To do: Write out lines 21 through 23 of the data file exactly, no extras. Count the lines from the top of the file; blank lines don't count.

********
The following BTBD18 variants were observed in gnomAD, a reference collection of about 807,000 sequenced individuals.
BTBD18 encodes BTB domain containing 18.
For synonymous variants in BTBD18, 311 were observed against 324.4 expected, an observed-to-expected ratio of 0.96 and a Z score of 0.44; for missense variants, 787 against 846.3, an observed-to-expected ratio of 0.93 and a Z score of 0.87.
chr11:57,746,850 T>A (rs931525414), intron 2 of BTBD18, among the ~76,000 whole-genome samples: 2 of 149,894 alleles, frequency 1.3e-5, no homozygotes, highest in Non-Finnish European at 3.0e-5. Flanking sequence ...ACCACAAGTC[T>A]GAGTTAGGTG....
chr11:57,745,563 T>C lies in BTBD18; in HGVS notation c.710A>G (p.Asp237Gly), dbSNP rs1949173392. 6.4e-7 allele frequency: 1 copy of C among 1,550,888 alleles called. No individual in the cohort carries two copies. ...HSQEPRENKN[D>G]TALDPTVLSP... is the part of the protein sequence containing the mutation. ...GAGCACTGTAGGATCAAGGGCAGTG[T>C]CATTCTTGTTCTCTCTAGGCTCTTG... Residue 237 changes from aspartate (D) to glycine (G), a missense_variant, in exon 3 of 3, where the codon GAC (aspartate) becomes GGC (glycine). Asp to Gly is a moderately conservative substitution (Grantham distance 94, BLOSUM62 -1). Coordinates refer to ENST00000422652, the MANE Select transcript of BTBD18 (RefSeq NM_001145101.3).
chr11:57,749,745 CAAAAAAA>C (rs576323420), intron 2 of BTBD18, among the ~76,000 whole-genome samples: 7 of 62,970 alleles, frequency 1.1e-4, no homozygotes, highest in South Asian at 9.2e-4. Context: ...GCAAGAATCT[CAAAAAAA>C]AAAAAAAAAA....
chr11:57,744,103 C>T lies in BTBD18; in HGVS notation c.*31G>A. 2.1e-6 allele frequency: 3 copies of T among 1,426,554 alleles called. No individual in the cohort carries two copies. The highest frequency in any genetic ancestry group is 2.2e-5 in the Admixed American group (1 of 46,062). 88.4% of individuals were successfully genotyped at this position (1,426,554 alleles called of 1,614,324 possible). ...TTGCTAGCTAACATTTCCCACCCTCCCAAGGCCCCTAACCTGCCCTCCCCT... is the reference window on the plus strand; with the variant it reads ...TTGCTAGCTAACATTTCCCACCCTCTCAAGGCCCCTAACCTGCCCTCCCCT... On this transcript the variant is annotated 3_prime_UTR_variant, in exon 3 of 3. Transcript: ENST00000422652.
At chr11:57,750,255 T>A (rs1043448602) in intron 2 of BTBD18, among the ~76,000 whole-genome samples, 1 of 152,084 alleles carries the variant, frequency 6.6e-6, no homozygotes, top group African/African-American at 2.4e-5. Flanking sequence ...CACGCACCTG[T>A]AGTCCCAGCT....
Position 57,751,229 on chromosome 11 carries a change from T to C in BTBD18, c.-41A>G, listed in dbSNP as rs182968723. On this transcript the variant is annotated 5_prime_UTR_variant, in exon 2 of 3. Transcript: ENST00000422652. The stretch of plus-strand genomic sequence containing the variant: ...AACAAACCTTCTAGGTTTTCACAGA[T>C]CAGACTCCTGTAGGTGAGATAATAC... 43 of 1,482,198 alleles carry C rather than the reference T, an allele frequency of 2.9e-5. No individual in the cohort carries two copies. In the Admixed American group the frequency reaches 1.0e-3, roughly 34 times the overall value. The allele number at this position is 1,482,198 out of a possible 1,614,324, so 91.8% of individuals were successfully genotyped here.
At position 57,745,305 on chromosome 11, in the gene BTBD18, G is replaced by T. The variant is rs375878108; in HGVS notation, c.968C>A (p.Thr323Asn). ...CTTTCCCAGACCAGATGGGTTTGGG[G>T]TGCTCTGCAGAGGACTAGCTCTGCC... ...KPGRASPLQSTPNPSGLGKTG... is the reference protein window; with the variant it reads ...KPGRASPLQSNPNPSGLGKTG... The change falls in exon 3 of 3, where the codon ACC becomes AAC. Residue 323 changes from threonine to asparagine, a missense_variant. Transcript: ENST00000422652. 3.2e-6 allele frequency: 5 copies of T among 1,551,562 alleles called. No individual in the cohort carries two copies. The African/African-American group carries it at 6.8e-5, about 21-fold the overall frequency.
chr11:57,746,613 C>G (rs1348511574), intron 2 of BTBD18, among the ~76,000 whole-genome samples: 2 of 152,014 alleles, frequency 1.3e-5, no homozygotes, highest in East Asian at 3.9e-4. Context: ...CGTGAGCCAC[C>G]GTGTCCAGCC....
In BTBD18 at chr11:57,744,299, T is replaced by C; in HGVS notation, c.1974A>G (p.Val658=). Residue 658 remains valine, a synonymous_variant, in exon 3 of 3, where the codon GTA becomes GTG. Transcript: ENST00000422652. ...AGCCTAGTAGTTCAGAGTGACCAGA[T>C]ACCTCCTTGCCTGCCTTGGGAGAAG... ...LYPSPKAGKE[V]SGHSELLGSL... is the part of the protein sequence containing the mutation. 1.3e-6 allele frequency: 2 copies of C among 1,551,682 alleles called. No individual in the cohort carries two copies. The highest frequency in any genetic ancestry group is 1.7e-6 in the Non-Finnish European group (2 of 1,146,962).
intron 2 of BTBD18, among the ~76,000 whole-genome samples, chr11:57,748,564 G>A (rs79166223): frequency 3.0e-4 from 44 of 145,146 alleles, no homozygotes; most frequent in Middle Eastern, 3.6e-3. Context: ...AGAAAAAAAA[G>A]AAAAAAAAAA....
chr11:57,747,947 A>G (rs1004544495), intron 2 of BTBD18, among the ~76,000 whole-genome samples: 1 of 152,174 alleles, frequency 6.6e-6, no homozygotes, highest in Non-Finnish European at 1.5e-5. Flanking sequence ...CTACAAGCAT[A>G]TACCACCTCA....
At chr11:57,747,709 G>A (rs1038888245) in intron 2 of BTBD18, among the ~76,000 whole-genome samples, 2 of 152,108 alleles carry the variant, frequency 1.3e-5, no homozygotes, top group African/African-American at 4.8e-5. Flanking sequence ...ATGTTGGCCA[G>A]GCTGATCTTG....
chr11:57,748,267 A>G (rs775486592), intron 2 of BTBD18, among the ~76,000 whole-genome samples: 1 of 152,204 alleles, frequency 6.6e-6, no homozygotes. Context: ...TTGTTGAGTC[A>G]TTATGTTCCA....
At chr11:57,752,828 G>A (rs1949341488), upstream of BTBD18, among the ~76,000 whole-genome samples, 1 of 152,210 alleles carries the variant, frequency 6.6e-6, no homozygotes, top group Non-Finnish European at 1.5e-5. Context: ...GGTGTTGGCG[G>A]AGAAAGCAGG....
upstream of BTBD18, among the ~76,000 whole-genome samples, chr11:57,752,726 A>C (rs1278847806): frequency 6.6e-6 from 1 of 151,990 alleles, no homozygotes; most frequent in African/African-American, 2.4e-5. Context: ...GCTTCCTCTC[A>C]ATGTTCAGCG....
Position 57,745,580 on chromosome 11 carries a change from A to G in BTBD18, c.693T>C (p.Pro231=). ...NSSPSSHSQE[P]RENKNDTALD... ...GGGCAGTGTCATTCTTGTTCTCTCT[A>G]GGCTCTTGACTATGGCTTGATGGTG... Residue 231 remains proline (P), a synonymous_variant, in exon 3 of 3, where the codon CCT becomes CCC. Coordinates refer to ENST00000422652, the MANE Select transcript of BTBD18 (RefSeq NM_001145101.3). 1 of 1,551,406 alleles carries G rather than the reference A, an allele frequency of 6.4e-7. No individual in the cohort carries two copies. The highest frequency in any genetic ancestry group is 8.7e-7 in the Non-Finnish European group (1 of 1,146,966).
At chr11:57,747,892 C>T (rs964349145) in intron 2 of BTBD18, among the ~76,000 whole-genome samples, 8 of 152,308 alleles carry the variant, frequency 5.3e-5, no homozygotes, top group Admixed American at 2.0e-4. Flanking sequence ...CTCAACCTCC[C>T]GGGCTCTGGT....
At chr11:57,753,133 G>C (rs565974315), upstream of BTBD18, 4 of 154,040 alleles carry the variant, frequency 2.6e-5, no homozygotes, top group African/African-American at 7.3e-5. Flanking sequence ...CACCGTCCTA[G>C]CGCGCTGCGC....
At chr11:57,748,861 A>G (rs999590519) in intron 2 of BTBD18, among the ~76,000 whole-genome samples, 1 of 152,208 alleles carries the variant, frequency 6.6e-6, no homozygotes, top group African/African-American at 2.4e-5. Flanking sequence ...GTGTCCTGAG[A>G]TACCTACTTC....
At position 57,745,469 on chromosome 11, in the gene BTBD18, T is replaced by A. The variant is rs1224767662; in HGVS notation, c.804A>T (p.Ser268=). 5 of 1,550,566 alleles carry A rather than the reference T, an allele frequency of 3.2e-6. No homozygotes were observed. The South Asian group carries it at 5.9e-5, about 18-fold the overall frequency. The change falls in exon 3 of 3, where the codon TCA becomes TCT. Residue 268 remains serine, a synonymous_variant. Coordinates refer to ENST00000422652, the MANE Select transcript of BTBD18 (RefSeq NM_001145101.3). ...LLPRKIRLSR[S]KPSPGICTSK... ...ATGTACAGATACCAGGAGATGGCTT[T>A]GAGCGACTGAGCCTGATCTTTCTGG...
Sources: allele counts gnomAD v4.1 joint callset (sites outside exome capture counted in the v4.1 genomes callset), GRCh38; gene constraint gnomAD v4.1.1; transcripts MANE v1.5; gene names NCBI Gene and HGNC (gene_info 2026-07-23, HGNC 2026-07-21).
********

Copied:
At chr11:57,753,133 G>C (rs565974315), upstream of BTBD18, 4 of 154,040 alleles carry the variant, frequency 2.6e-5, no homozygotes, top group African/African-American at 7.3e-5. Flanking sequence ...CACCGTCCTA[G>C]CGCGCTGCGC....
At chr11:57,748,861 A>G (rs999590519) in intron 2 of BTBD18, among the ~76,000 whole-genome samples, 1 of 152,208 alleles carries the variant, frequency 6.6e-6, no homozygotes, top group African/African-American at 2.4e-5. Flanking sequence ...GTGTCCTGAG[A>G]TACCTACTTC....
At position 57,745,469 on chromosome 11, in the gene BTBD18, T is replaced by A. The variant is rs1224767662; in HGVS notation, c.804A>T (p.Ser268=). 5 of 1,550,566 alleles carry A rather than the reference T, an allele frequency of 3.2e-6. No homozygotes were observed. The South Asian group carries it at 5.9e-5, about 18-fold the overall frequency. The change falls in exon 3 of 3, where the codon TCA becomes TCT. Residue 268 remains serine, a synonymous_variant. Coordinates refer to ENST00000422652, the MANE Select transcript of BTBD18 (RefSeq NM_001145101.3). ...LLPRKIRLSR[S]KPSPGICTSK... ...ATGTACAGATACCAGGAGATGGCTT[T>A]GAGCGACTGAGCCTGATCTTTCTGG...